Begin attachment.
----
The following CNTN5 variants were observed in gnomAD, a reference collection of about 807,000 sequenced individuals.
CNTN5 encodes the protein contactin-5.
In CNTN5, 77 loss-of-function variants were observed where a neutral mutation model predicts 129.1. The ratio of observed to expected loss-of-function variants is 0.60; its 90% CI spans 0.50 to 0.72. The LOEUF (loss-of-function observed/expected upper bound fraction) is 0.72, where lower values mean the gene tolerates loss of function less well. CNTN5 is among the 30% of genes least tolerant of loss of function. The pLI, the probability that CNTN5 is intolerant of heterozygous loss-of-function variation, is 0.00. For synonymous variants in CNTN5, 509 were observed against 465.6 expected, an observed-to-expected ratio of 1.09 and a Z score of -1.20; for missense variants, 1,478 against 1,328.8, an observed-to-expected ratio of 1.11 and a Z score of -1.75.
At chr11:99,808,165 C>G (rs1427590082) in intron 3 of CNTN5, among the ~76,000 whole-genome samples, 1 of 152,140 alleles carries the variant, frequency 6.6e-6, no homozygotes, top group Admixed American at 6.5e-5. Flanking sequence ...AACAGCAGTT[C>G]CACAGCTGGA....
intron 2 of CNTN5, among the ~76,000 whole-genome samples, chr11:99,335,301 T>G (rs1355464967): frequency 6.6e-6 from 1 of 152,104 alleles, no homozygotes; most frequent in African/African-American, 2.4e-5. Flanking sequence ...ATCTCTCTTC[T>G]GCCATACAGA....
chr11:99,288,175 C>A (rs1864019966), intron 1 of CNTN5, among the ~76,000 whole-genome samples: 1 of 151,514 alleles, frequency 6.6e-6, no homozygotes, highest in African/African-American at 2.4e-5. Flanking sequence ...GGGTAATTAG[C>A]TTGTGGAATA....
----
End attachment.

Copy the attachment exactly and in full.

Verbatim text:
The following CNTN5 variants were observed in gnomAD, a reference collection of about 807,000 sequenced individuals.
CNTN5 encodes the protein contactin-5.
In CNTN5, 77 loss-of-function variants were observed where a neutral mutation model predicts 129.1. The ratio of observed to expected loss-of-function variants is 0.60; its 90% CI spans 0.50 to 0.72. The LOEUF (loss-of-function observed/expected upper bound fraction) is 0.72, where lower values mean the gene tolerates loss of function less well. CNTN5 is among the 30% of genes least tolerant of loss of function. The pLI, the probability that CNTN5 is intolerant of heterozygous loss-of-function variation, is 0.00. For synonymous variants in CNTN5, 509 were observed against 465.6 expected, an observed-to-expected ratio of 1.09 and a Z score of -1.20; for missense variants, 1,478 against 1,328.8, an observed-to-expected ratio of 1.11 and a Z score of -1.75.
At chr11:99,808,165 C>G (rs1427590082) in intron 3 of CNTN5, among the ~76,000 whole-genome samples, 1 of 152,140 alleles carries the variant, frequency 6.6e-6, no homozygotes, top group Admixed American at 6.5e-5. Flanking sequence ...AACAGCAGTT[C>G]CACAGCTGGA....
intron 2 of CNTN5, among the ~76,000 whole-genome samples, chr11:99,335,301 T>G (rs1355464967): frequency 6.6e-6 from 1 of 152,104 alleles, no homozygotes; most frequent in African/African-American, 2.4e-5. Flanking sequence ...ATCTCTCTTC[T>G]GCCATACAGA....
chr11:99,288,175 C>A (rs1864019966), intron 1 of CNTN5, among the ~76,000 whole-genome samples: 1 of 151,514 alleles, frequency 6.6e-6, no homozygotes, highest in African/African-American at 2.4e-5. Flanking sequence ...GGGTAATTAG[C>A]TTGTGGAATA....